Monday, 25 October 1999

India's Taliban - Too Many Cooks Spoil the Broth

(Originally appeared in the 1990s in the Times of India, as published in M. D. Nalapat's book "Indutva", Har-Anand Publications, 1999)

Today, despite all the media blitz against them, it cannot be
denied that 'lower-caste' politicians such as Annadurai, Laloo
Yadav and Kanshi Ram have exploded the feeling of caste
superiority over much of India, just as one of the world's greatest
sages, Sri Narayana Guru, did in Kerala a century ago. Thanks
to the democratic model that we imported from the West, more
than 80 per cent of the population is now free of caste oppression.

Religious persecution too is becoming unfeasible in a society in
which the overwhelming majority favour a moderate and secular
polity where all religious groups are made to feel secure. As the
recent Maharashtra election results have shown, the electorate
does not take kindly to attempts by so-called 'Hindu'
organisations to adopt the methods of Lahore’s Maulana Fazlur
Rehman or Kabul's Mullah Omar.

Indeed, despite their self-affixed 'Hindu' tag, there is nothing
in common between the desecrators of Maqbool Fida Husain’s
Mumbai home, and Sanatana Dharma, which is one of this
civilisation’s greatest contributions to humanity. A true sanatani
will recognise as a kindred soul any individual (whether called
a Muslim, Jain, Sikh, Buddhist or Christian) who adopts the
creed of Himsa Dooyathe, or moderation, in his or her life. An
Abdul Kalam or an M. F. Husain (whatever one may think about
his paintings) is much, much more a sunaztani than the Taliban-like
individuals who are trying to convert Mumbai into another
Kabul. By adopting an ISI-type view of society, and thus
promoting polarisation between the two biggest religious groups
in India, Pakistan’s plot of dividing India comes closer to

No Difference
As Balasaheb Thackeray once remembered, Hindus can be safe
only in a country where all other religions feel the same sense of
security. Should a community feel itself to be under threat (as
happened with the Sikhs after the 1984 Delhi pogrom and the
Muslims after the 1992 destruction of the Babri Masjid), its
elements will be more easily enticed by the efforts of China and
Pakistan to recruit them for insurgency.

Apart from following the Taliban's example in social policy,
some ‘Hindu’ organisations are also emulating its example in
economics. Today, there is virtually no difference between the
ISI fanatics (who seek to drive away foreign investment from
India), the Chinese agents (who seek the same goal) and a section
of the Swadeshi brigade, which rants against the "dangers"
posed to the Hindu way of life by, say, Coca Cola or Kentucky
Fried Chicken. Such individuals are allied to the eco-fanatics,
who have been using legal means to stop new enterprises from
being set up in India. These days, in the US or the European
Union, Indian food is everywhere. In far away Lubeck in
northem Germany, this writer tucked into a sumptuous meal of
mm and alu sabzi, while the best idlis he has ever tasted were
from a tiny South Indian restaurant in Atlanta—capital of the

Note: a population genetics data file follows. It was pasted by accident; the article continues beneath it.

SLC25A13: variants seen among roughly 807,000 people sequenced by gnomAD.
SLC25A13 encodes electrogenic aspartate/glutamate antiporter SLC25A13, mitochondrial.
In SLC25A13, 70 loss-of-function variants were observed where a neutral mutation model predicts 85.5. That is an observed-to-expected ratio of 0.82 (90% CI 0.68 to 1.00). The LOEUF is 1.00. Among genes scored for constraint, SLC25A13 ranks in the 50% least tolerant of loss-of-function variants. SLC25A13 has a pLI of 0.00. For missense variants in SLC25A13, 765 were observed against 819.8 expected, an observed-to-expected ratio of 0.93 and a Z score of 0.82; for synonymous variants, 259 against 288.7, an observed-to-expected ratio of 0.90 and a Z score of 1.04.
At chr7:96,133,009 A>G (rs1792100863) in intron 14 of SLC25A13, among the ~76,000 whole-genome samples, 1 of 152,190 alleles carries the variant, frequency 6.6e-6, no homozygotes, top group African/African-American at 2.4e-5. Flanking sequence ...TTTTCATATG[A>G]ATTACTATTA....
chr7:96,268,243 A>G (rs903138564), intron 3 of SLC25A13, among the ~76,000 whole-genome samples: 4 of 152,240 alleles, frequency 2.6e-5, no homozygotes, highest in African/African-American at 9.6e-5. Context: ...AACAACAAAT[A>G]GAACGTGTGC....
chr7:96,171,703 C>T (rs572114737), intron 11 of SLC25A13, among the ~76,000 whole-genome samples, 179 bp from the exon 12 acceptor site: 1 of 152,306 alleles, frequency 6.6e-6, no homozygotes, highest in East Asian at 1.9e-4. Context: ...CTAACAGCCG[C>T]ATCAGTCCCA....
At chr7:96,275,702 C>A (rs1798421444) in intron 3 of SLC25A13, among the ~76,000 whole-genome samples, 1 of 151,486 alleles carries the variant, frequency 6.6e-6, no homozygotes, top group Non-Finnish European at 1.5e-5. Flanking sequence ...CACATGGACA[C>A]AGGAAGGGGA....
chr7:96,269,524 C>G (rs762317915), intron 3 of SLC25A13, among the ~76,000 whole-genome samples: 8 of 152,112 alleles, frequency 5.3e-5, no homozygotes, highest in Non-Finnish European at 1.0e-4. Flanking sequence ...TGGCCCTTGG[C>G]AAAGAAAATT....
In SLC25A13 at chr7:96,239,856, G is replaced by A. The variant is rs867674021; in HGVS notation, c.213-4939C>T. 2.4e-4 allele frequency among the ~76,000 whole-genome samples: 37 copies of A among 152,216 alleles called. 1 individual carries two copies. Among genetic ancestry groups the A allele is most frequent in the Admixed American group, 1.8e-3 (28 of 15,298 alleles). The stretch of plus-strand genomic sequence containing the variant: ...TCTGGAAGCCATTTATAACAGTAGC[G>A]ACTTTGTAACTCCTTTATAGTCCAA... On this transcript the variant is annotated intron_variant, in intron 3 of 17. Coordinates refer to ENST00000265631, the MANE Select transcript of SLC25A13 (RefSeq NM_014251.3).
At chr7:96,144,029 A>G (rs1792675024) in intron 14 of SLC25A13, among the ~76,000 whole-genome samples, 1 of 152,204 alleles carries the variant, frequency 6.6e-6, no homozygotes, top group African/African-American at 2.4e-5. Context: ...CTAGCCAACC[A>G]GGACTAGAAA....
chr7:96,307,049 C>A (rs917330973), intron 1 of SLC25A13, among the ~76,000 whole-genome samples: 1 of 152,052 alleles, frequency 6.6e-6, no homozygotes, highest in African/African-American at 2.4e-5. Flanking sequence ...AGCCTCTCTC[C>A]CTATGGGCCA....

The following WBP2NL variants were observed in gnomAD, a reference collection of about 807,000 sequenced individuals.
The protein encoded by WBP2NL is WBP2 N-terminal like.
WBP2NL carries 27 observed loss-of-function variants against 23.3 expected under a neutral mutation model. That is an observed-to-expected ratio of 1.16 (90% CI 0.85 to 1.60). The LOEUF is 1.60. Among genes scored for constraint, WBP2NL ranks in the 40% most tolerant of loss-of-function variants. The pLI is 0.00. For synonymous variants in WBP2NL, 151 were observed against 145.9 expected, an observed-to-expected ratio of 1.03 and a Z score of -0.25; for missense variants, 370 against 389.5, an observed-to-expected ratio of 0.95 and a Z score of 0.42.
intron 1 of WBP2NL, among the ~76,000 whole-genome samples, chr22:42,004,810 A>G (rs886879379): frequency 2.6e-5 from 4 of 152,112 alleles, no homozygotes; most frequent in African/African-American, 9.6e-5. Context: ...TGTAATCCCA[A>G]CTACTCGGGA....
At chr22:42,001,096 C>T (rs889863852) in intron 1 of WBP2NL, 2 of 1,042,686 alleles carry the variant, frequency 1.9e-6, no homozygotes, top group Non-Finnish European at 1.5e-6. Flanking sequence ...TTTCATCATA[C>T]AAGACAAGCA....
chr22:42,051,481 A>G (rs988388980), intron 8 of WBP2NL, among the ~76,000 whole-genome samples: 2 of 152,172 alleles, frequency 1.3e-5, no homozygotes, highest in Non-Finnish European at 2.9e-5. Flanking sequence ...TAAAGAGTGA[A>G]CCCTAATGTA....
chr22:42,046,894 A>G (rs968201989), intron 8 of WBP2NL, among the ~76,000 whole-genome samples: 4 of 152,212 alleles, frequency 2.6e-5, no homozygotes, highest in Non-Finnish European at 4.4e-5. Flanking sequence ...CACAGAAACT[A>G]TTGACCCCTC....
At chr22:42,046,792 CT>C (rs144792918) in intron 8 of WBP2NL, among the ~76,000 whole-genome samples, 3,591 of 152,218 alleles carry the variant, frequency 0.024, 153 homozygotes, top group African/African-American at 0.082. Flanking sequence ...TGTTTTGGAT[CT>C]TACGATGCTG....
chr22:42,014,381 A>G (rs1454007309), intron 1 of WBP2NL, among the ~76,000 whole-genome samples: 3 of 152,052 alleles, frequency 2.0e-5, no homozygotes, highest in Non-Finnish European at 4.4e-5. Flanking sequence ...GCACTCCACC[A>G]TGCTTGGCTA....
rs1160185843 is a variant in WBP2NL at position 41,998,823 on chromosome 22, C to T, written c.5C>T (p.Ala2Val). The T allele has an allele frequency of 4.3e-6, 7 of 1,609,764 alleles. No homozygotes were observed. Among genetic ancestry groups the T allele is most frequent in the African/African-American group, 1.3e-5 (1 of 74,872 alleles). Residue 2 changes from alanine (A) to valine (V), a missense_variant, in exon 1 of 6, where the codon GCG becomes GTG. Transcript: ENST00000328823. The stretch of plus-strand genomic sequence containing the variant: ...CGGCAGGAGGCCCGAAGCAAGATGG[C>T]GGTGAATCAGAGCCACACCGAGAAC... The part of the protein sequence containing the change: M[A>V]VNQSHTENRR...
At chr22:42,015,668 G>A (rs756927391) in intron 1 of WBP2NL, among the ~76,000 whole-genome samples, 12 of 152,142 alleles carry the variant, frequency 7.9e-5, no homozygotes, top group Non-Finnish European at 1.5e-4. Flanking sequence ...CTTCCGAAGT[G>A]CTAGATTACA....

home state of India’s friend, Newt Gingrich, speaker of the US
House of Representatives. Fortunately, although the US still has
a Ku Klux Klan, it has not yet discovered that idlis and dosas are
fatal to the American way of life.

Communist China has in the years since the 1985 Deng
reforms attracted over $ 400 billion in foreign investment. This
has enabled the Red regime to stamp out dissent and to quietly
work towards making Communist China the world’s dominant
power. If democratic India is to checkmate this, it needs to attract
at least $ 200 billion of foreign investment in the next 10 years.
This is not possible if projects get halted on flimsy legal or
political grounds, or if foreigners are regarded as unwelcome.
Many of these ’aliens’ are the sons and daughters of our own
people, who migrated abroad to escape the tyranny of Nehruvian
socialism. As the warm reception to Sonia Gandhi shows, the
Indian people are not inherently xenophobic the way some other
peoples are. There may be differences over Gandhi's style of
functioning, but this is unrelated to the accident of her origin.

The Clinton White House is the most pro-Communist China
government in the democratic world, as subservient to Beijing's
security interests as the Chamberlain-Daladier governments
were to Hitler’s in the 1930s. Germany and Japan have joined the
US in seeking to actualise the China-Pakistan plan of crippling
the Indian economy, so that New Delhi cannot challenge Beijing's
hegemonic drive in Asia, However, it must not be forgotten that
all three of the former are democracies, and there should be no
identification of the German, Japanese and US administrations
with the peoples of these three countries.

Emerging Threat
While counter-action against those harming India's interests
must be swift, this should be matched by a welcome mat for
foreign investment, as well as the putting into place of policies
that are friendly to local taxpayers. Corporates should be enticed
to invest in facilities within India through a combination of
higher customs duties and lower domestic taxes. There should
be minimal curbs on the creation of production and other
facilities in India, whatever be the ownership of these units. As
one of the world’s major powers, India need not be afraid of a
new East India Company. Provided, of course, that it can
confront the Taliban-like enemy within as effectively as it has
thus far countered the external threat from Pakistan and China.
Today, post-Pokhran II, the emerging threat to India's security
comes from the intolerance and bigotry practised by some of the
self-appointed defenders of Bharat Mata.

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